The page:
Mgr Iosif Staneuski, former auxiliary bishop of Grodno and secretary of the Catholic Bishops’ Conference of Belarus, replaces Archbishop Kandrusievich, exiled by President Lukashenko for urging the authorities to engage in dialogue with anti-government protesters. State media attack the Belarusian Catholic Church.
Moscow (AsiaNews) – Mgr Iosif Staneuski is the new Metropolitan Archbishop of Minsk-Mohilev, the highest ecclesiastical authority for Belarusian Catholics. The appointment, which was announced on Tuesday, ends the apostolic administration of Mgr Kazimierz Wielikosielec.
The latter had taken office on 3 January, following the resignation of Archbishop Tadevuš Kandrusievič, who went home after four months of “exile” in Poland. He had urged the authorities to engage in dialogue with protesters in the hot months of 2020.
On 14 April, the 49-year-old bishop of Vitebsk, Mgr Aleh Butkiewicz, was appointed new president of the Catholic Bishops’ Conference of Belarus (CBCB).
The 52-year-old Staneuski is a former auxiliary bishop of Grodno and CBCB secretary, born in Zaniavičy, a village not far from the border with Poland.
This part of the country has Belarus’s highest concentration of Catholics, mostly of Polish origin, like Kandrusievič himself.
Staneuski was one of the first students to enrol at Grodno seminary after Kandrusievich reopened it in 1990, before moving to Moscow to be a Russian Catholic archbishop, returning later to Minsk in 2007.
After his priestly ordination in 1995, Father Iosif specialised in canon law in Lublin, Poland, becoming the rector of the Grodno seminary in 2005.
For the past seven years, he worked with the other bishops on national pastoral care, becoming with Butkiewicz, heir to the first “refounders” of the Catholic Church in Belarus.
Now he has to face a delicate phase in relations with the government of President Alexander Lukashenko, who has repeatedly accused Catholics of encouraging street protests and acting as “agents” of the hated Poland. For this reason, the dictator, the self-styled “batka” or father of the nation, kept Kandrusievich out of Belarus.
On 9 September, a few days before the announcement of Staneuski’s appointment, the Apostolic Nuncio to Belarus Mgr Ante Jozič met with Belarusian Foreign Minister Vladimir Makei.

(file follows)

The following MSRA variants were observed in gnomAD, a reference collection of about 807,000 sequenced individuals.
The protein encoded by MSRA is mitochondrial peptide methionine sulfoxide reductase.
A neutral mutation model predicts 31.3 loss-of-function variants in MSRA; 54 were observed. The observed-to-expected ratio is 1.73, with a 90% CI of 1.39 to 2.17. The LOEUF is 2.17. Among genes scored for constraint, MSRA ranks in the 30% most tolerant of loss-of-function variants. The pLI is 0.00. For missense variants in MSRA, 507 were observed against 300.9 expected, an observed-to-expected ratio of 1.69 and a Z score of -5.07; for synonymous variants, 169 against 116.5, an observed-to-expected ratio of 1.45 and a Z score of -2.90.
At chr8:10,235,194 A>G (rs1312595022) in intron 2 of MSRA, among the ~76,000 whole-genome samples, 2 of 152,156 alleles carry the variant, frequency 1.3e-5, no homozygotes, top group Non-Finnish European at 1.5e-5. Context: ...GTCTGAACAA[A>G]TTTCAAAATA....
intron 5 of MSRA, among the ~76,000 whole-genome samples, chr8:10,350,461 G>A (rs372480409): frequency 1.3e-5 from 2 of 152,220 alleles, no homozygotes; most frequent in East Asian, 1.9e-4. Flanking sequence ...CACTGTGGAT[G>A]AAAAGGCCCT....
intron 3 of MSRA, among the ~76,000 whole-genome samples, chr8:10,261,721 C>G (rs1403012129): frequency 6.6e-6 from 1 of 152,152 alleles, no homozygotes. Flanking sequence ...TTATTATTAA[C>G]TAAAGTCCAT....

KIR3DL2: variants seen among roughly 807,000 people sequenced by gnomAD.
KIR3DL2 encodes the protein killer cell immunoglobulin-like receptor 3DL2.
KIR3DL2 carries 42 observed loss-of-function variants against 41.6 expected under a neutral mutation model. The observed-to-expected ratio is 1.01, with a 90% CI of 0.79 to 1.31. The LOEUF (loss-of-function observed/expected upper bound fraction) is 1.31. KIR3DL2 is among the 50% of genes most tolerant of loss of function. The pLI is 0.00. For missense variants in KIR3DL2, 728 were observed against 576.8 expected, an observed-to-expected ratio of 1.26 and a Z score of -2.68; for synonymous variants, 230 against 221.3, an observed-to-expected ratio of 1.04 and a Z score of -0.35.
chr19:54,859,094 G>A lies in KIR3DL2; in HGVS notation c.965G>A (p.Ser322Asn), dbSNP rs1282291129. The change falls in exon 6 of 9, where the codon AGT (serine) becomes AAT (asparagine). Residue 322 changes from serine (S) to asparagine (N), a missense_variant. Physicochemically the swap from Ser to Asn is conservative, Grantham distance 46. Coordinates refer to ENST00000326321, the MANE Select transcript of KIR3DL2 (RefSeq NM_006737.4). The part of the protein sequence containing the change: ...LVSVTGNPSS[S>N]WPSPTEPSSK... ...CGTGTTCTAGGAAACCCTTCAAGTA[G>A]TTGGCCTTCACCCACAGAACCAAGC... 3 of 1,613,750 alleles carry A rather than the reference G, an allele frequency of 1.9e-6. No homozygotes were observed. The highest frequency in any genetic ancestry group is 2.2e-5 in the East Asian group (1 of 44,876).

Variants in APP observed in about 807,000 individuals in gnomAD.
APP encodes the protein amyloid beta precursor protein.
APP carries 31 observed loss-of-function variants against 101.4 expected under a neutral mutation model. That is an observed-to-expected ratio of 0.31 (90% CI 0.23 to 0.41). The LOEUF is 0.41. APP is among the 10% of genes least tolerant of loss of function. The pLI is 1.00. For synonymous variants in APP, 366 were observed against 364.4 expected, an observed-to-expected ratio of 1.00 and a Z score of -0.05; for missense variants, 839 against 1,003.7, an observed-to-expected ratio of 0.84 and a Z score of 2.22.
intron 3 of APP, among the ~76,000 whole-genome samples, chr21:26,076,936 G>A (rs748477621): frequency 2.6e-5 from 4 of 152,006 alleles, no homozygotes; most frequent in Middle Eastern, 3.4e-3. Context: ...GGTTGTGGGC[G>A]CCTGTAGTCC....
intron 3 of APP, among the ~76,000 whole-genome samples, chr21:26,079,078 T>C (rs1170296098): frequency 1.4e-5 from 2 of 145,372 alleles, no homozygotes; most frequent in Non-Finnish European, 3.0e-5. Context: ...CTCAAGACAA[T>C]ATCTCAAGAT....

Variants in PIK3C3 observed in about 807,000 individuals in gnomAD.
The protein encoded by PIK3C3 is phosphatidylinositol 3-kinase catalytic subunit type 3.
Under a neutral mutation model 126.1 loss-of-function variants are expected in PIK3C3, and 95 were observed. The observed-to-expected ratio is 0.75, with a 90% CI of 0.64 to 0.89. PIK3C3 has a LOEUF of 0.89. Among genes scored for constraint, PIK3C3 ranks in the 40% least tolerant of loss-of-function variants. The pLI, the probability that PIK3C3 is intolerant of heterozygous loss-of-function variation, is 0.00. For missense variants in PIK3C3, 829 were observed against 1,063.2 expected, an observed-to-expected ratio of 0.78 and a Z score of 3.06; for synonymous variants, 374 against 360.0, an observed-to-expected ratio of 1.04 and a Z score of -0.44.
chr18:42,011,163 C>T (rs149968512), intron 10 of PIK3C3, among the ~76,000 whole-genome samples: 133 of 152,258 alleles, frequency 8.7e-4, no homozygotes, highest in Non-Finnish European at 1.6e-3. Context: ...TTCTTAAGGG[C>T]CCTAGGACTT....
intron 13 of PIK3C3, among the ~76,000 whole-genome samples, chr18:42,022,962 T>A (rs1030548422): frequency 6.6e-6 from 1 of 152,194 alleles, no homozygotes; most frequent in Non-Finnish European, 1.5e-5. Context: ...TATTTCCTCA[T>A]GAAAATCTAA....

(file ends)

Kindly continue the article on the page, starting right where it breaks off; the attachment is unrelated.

In a statement about the meeting, the Foreign Ministry said that “V. Makei confirmed a traditional commitment to further developing a constructive cooperation with the Vatican,” stressing the “inviolability” of the foundations of these relations.
What is more, the minister insisted on the “inadmissibility of inciting religious intolerance and the importance of preserving ethno-confessional harmony”.
Makei was alluding to some recent incidents, and more generally to relations between (Russian) Orthodox and (Polish) Catholics.
In an interview with Catholic.by, an online Belarusian Catholic platform, Nuncio Jozič spoke about the meeting, warning that “Belarusian authorities do not admit any kind of action aimed at arousing hostility towards members of other religious communities”, thus confirming the veiled threats made by Makei and Lukashenko himself.
The meeting took place after Belarusian Catholics were involved a public controversy. A few days earlier, state-owned newspaper Minskaya Pravda published a caricature of some Catholic priests on its website.
The drawing showed priests singing a patriotic hymn to the “powerful God” (Mahutny Boža) holding the white-red-white flag of Lukashenko’s protesters, claiming that these symbols are related to collaboration with the Nazis during the Second World War.
An article next to the caricature lashes out at Catholics for their complicities with the Nazis.
The cross on the priestly vestment was depicted as a swastika, while a cloud above the priests bore an icon of the martyrs of Kuropaty, a tragedy of 1943 that still arouses vehement debates today.
Although the caricature was later deleted, the controversy continues. In fact, the Belarusian Catholic bishops reacted immediately.
In a very harsh statement, they slammed “those who fuel hostility against the Roman Catholic Church in Belarusian society, against its leaders and priests, and above all against the cross of Christ the Saviour, who gave his life for the salvation of men.”
The Holy See did not publicly back the statement, and the nuncio did not speak about the incident during the meeting with Makei, generating criticism.
For the new archbishop, a very difficult mission lies ahead; in it, he will have to try to protect his flock amid the fiery fields of today’s Belarus.